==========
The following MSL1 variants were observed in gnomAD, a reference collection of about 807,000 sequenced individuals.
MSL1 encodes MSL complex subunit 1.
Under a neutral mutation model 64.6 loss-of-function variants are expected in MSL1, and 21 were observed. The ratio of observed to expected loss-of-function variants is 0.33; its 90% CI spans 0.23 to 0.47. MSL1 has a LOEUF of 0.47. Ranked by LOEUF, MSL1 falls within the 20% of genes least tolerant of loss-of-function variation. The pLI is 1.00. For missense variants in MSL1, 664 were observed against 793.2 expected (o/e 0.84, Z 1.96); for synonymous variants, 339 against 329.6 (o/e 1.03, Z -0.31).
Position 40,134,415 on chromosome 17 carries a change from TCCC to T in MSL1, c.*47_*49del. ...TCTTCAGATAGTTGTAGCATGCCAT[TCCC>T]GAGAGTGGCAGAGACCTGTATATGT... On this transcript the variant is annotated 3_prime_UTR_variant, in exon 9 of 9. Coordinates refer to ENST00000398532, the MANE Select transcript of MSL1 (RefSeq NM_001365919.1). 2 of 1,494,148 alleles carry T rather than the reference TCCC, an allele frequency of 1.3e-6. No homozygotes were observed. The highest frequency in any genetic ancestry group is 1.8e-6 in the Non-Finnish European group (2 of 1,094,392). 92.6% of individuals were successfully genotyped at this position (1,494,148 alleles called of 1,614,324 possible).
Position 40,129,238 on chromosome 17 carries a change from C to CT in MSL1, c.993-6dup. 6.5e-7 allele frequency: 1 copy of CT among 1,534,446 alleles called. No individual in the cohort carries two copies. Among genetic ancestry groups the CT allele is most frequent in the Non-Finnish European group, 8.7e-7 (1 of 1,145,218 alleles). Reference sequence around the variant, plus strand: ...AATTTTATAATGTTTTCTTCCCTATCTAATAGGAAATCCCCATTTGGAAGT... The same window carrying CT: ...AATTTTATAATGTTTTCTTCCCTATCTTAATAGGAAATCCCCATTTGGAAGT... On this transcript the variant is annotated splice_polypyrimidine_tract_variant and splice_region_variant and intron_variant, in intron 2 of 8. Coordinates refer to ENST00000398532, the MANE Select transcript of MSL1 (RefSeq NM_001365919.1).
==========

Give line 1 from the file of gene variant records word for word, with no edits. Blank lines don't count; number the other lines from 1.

The following MSL1 variants were observed in gnomAD, a reference collection of about 807,000 sequenced individuals.